Nov 9 2011 4:30pm

Ridley Scott’s Prophets of Science Fiction Mini-Series Starts Tonight

Iconic director Ridley Scott (Blade Runner, Alien, the forthcoming Prometheus) produces and hosts a new eight-part miniseries for the Science Channel that hopes to be the definitive exploration of science fiction’s ability to spark real-world genius. Profiling one legendary author per episode, the show features a wide range of talking heads, from theorectical physicist Dr. Michio Kaku to Starship Troopers director Paul Verhoeven, discussing seminal works of literature and the scientific facts they predicted. Upcoming episodes look at the writings of Isaac Asimov, H.G. Wells, Phillip K. Dick, Robert Heinlein and... George Lucas.

The premiere episode examines Mary Shelley’s Frankenstein, presented as “the first science fiction novel.” The story of Victor Frankenstein and his doomed creation has been widely studied since publication, but examining it through a prism of modern-day organ transplantation, the Human Genome Project, and in-vitro fertilization made the material fresh. However, some of the talking points were a bit forced, heralding Shelley as a visionary who predicted electric batteries and even super-computers.

All episodes seek to answer a central question: What is human? What is freedom? What is reality? To that effect, I’m very interested in seeing some of the more modern classic authors profiled, especially Dick. Yet I bristle at the inclusion of George Lucas. Did no one want to discuss William Gibson, for example? The stories credited (by most) with popularizing cyberspace and virtual reality seems more fitting for scientific dissection than the pioneer of light sabers, midichlorians, and, yes, even CGI. Lucas is certainly a visionary of science fiction, in his fashion, but including him in the line-up dilutes an otherwise cool opportunity to discuss seminal authors. Maybe next season?

Prophets of Science Fiction premieres tonight at 10pm E/PT on the Science Channel.

Theresa DeLucci is a graduate of the 2008 Clarion West Writers’ Workshop. She covers games, books, and television, including True Blood and Game of Thrones, for Follow her on Twitter @tdelucci.

David Spiller
1. scifidavid
I'm really looking forward to this series. Science Channel has been doing a fantastic job recently with Firefly, Dark Matters, The Prophets of Science Fiction, not to mention Sci Fi Science, Through the Worm Hole and Stephen Hawking's show, it has become a "go to" channel for me.
2. Leviatham
Where is Jules Verne in that list of names?

Please tell me he'll look into Jules Verne too!
3. Pietro
I'm a little confused here is there a difference between the discovery science the US receives and the one provided to Canadians. So far there has been no Firefly, no Stephen Hawkings... just some fraken guys searching for meteorites.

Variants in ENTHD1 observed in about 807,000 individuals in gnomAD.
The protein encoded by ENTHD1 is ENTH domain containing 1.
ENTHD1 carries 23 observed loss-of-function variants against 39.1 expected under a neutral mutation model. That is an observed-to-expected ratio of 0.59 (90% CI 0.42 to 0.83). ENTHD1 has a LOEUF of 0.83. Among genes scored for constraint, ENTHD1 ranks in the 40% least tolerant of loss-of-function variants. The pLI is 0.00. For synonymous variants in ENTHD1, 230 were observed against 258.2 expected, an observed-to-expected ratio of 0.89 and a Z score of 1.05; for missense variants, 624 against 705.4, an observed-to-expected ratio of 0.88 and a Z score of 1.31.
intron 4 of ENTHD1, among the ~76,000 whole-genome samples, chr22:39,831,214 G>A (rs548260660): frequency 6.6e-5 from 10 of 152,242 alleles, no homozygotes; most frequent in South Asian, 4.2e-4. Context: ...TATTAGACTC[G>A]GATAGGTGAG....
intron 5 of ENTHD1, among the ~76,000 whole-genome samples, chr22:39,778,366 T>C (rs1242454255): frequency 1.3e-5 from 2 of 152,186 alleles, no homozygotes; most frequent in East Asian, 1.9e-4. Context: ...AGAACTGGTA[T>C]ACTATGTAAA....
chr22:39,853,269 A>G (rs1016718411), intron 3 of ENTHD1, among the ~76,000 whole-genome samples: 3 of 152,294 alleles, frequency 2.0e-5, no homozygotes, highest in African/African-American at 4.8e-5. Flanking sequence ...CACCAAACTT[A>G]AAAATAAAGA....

4. Irving Kropotnik
...and Paul Verhoeven, who disregarded 90% of what Heinlein wrote to make "Starship Troopers" is also included. How is he any kind of prophet? So he did "Robocop"--so what? Harlan did it first.
@Pietro--we Canadians get shafted for a lot of good shows, but they are really great about sharing trash TV with us.
(...and hey, Captcha--what kind of word is "ystencs"? Just sayin'...)
--and now I can't post in my own name because "this alias is in use"--hey, dudes, I'm the one and only with this name!
Theresa DeLucci
5. theresa_delucci
@2 Yes! Jules Verne is one of the people profiled. Sorry to have left him out. His episode is tentatively scheduled for February 8th. Odd, looking at the schedule, I didn't realize the series was taking a hiatus through December and January.

I'll post the tentative schedule if people are interested.

@3 Sadly, yeah, Discovery Science in Canada is different from the Science Channel in the U.S. I date a Canadian. I feel your pain.

@4 Verhoeven isn't a prophet being profiled, he's just one of the talking heads who'll be featured talking about Heinlein in the episode. Apologies if that was unclear. I totally agree with your opinion of him not being the best choice to talk about Heinlein. However, I guess since he's a director buddy of Scott's and adapted Starship Troopers, however poorly, it gives him some legitimacy. By cable-TV standards anyway. But I will always defend Robocop. I even like Starship Troopers in parts, just not as an adaptation in any form.

And now I'm in the mood to watch No Maps for These Territories again so I can watch a really interesting documentary about one of my favorite writers. You Canadians can hopefully watch it on YouTube. Netflix offers the DVD, but DVD-by-mail service is still not available up there, if I remember my boyfriend's angry grumbling correctly.
6. David Donaghe
I am a fan of anything science fiction or horror. I'm looking forward to seeing the show.

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